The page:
Liz Truss defends Northern Ireland protocol bill as 'patriot' and 'democrat'
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Foreign secretary Liz Truss has received the meme treatment once again, after she defended a bill to scrap parts of the Northern Ireland protocol as a “patriot and democrat”.

The protocol, which forms part of the UK’s Brexit deal, was an agreement between the government and the European Union to prevent a hard border existing on the island of Ireland.

Despite there being a legal route under Article 16 to suspend parts of the protocol if they cause any “economic, societal or environmental difficulties that are liable to persist, or to diversion of trade”, the Northern Ireland Protocol Bill looks to ditch sections of the agreement altogether.

It’s led to the government facing accusations of breaching international law, with former prime minister Theresa May telling MPs the bill “is not, in my view, legal”.

Meanwhile Hilary Benn, the MP for Leeds Central, challenged Ms Truss on her decision to introduce the Bill and said: “I suspect that when she was campaigning for Britain to remain in the European Union, she never in a million years thought she would be standing here, proposing a bill of the sort.

“In the light of the comment she has just made about Article 16, why is the government not proposing to use the legal method to raise these questions with the European Union through the treaty that she signed, rather than one claiming ‘necessity’?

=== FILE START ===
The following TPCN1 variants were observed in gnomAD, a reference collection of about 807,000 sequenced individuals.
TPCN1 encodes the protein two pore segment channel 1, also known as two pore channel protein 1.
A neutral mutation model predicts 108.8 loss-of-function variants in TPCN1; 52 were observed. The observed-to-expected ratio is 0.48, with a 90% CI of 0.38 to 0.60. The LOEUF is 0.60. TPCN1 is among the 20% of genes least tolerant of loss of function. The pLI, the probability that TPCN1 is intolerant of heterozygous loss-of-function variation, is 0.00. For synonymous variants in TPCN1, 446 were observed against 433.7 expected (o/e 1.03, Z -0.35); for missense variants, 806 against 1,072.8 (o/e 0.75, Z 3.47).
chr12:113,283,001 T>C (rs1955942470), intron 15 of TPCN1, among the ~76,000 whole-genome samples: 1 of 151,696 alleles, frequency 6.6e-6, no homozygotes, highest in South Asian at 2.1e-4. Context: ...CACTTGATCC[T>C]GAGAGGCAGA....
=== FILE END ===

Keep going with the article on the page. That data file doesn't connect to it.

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“The foreign secretary is yet to give me a single example where the British government has claimed necessity for abrogating a treaty that she has actually negotiated herself.”

Ms Truss issued a bizarre response, saying: “The reason I am putting this Bill forward is because I’m a patriot and a democrat.”

Well, I guess that’s alright then.

Twitter users have since raised an eyebrow at the remark, with some comparing the response to something you’d typically hear in American politics:

Ms May even took aim at Ms Truss’ unusual reasoning in her contribution to the debate, and said: “As a patriot, I would not want to do anything that would diminish this country in the eyes of the world.

“This bill … will diminish the standing of the United Kingdom in the eyes of the world, and I cannot support it.”

Bit awkward, then, that she eventually abstained from voting on the bill’s second reading on Monday, rather than voting against it.

The Northern Ireland Protocol Bill passed the parliamentary stage when it was backed by 295 MPs to 221, and will now progress to committee stage.

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